Robert Byrd encountered an arsenal of guns when he entered a neo-Nazi’s home to shoot a documentary about hate. Then his subject said something surprising: He appreciated Byrd’s films for being respectful.

“In a way, it was a complimentary thing,” Byrd recalled later. “Because it was true: I aspire to respect everyone and to reveal their humanity. Because that’s what we all share.”

Byrd, of Minneapolis, tackled some of society’s toughest and most controversial topics as an intrepid documentary filmmaker — from racism and torture to the lives of marginalized groups. Later he would propel others to tell their own tough stories, overseeing filmmaking grants at the Jerome Foundation.

Byrd died of pancreatic cancer on March 23 in Wilton Manors, Fla., where he was being cared for by his sister, Donna Hayes. He was 66.

Byrd got his filmmaking start at Continental Cable­vision and later rose to prominence as a producer for KTCA — now Twin Cities Public Television (TPT) — in the late 1980s and 1990s. His work profiled diverse communities around the state as well as subjects such as the childhood of a boy severely disfigured by a fire. Some of the films were broadcast nationally.

“Robert was really concerned with the fair treatment of others,” said his sister Donna. “He had a passion for anybody that was the underdog … or somebody that was suffering at the hands of our society.”

Among Byrd’s work was a series of “Diary” films in the early 1990s examining the experiences of being black, Hispanic, Asian and Native American in Minnesota.

“There really was a need for a humanizing and a different kind of media optics on diverse communities,” said Daniel Bergin, now a TPT senior producer, who worked on the series as a production assistant. “While there still is a lot of issues in media, there was a lot more misrepresentation, a lot more … real poor reporting and narrative.”

Most of Byrd’s work was behind the camera, but occasionally he was front and center such as moderating an hour-long discussion about race relations on TPT in 1992.

“He was an intent listener. He was very curious,” Bergin said. “He would ‘go there’ with conversations. He was fearless in that regard.”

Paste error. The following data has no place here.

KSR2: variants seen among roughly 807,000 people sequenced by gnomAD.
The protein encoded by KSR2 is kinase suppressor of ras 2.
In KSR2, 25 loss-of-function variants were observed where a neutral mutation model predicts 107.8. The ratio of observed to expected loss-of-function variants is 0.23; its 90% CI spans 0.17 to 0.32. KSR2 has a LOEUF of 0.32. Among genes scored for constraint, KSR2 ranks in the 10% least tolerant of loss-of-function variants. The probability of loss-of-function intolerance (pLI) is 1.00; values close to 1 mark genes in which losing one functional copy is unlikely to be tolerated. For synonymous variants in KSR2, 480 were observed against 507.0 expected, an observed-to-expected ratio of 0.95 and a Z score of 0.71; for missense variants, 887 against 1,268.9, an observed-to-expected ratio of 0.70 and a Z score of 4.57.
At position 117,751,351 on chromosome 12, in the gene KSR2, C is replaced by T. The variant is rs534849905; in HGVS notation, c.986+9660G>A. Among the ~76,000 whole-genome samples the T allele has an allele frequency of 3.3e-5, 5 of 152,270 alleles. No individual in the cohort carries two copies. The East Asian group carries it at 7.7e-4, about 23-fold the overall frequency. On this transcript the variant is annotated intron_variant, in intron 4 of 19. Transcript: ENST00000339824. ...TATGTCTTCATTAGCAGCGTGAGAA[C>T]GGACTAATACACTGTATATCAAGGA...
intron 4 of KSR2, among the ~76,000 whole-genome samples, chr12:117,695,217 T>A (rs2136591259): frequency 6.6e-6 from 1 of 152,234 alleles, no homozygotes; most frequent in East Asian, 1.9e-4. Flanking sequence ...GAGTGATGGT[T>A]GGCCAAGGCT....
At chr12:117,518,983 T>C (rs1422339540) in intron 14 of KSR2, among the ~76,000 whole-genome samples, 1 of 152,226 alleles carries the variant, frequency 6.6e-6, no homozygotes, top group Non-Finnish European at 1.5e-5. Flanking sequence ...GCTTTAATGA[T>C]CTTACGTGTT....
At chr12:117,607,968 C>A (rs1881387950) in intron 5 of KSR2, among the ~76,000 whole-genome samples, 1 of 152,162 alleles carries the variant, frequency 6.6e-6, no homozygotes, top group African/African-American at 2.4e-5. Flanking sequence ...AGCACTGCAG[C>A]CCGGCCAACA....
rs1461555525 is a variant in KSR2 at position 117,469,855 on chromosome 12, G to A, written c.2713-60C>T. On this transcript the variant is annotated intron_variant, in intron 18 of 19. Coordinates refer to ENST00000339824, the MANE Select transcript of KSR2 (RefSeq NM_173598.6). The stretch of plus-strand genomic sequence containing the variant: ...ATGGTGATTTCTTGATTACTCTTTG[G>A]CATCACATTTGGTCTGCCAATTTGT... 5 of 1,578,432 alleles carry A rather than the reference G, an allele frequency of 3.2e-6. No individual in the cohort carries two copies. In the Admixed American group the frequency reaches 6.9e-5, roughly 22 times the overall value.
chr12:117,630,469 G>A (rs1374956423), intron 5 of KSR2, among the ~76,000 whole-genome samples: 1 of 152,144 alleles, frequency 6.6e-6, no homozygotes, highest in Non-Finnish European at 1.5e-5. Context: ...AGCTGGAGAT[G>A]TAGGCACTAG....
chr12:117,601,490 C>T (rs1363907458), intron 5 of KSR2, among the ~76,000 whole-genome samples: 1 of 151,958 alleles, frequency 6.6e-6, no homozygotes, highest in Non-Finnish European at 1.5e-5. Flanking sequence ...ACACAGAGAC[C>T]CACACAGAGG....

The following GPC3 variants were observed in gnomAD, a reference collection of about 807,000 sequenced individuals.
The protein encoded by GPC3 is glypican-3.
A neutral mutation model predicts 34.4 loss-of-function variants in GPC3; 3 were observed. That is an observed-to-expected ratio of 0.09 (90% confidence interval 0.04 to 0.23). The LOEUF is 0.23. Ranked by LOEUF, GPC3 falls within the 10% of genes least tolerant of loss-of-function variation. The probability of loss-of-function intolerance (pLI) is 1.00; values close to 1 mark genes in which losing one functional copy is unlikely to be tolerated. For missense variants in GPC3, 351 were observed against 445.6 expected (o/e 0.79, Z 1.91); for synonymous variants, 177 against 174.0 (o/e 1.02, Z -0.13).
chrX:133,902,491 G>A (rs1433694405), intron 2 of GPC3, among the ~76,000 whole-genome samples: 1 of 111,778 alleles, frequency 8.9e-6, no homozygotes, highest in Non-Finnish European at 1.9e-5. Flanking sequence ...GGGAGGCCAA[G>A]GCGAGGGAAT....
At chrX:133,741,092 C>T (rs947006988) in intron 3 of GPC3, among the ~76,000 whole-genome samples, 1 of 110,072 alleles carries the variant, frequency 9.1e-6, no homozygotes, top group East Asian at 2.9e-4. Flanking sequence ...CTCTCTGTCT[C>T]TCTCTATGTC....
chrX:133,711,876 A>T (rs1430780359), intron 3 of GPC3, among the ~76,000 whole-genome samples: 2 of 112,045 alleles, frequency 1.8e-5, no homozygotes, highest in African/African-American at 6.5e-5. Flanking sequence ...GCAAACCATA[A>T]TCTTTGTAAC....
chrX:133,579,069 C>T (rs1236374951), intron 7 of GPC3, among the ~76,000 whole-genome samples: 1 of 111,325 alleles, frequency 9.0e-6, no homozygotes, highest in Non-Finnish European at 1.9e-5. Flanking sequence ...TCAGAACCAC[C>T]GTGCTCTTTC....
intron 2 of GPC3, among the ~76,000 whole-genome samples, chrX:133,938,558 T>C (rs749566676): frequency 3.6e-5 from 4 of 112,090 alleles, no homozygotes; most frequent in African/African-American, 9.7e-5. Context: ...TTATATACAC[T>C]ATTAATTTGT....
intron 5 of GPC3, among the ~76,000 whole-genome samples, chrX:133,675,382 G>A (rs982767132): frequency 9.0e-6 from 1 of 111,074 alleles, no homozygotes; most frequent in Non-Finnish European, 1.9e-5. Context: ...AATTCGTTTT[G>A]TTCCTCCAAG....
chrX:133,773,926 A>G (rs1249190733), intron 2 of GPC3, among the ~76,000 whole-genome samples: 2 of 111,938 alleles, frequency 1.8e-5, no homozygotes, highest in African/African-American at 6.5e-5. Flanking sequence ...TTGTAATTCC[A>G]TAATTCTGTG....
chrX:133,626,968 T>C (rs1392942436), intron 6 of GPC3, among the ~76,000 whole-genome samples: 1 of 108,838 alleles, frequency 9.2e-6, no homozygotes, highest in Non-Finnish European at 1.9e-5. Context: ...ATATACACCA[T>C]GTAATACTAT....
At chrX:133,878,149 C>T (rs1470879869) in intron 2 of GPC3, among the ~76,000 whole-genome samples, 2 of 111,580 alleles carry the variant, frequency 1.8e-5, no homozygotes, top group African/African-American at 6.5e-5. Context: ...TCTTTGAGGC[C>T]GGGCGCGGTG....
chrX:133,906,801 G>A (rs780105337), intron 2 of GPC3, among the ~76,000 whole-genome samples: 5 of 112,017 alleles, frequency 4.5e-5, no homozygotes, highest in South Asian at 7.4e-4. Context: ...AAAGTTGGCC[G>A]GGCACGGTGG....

Born in Pensacola, Fla., Byrd spent much of his early childhood in Europe due to his father’s job in the Air Force.

He attended the University of Chicago and ultimately landed in Minnesota, where he became an associate director at the Minnesota Civil Liberties Union before joining Cablevision in 1985.

Byrd later supported other filmmakers with grants in his role as program director at the Jerome Foundation, an organization that promotes artists in Minnesota and New York City, which he joined in 1997. The grants aided hundreds of artists and a number of films later nominated for Academy Awards, including a 2005 winner about children of prostitutes in Kolkata.

“Robert exhibited a great sense of empathy, especially when it came to supporting artists,” said Cindy Gehrig, who retired several years ago as Jerome’s president. “He was opinionated, passionate about his interests, willing to take risks, and not at all afraid of controversial subjects.”

Byrd was on the board of the Twin Cities Film Festival, which has renamed its best-documentary award after him.

Outside of filmmaking, Byrd was a passionate cook and art collector.

In addition to his sister Donna, he is survived by his mother, Louella Byrd of Los Angeles, and another sister, Karen Shumate of Sugar Land, Texas. Services will be held in Minnesota at a later date.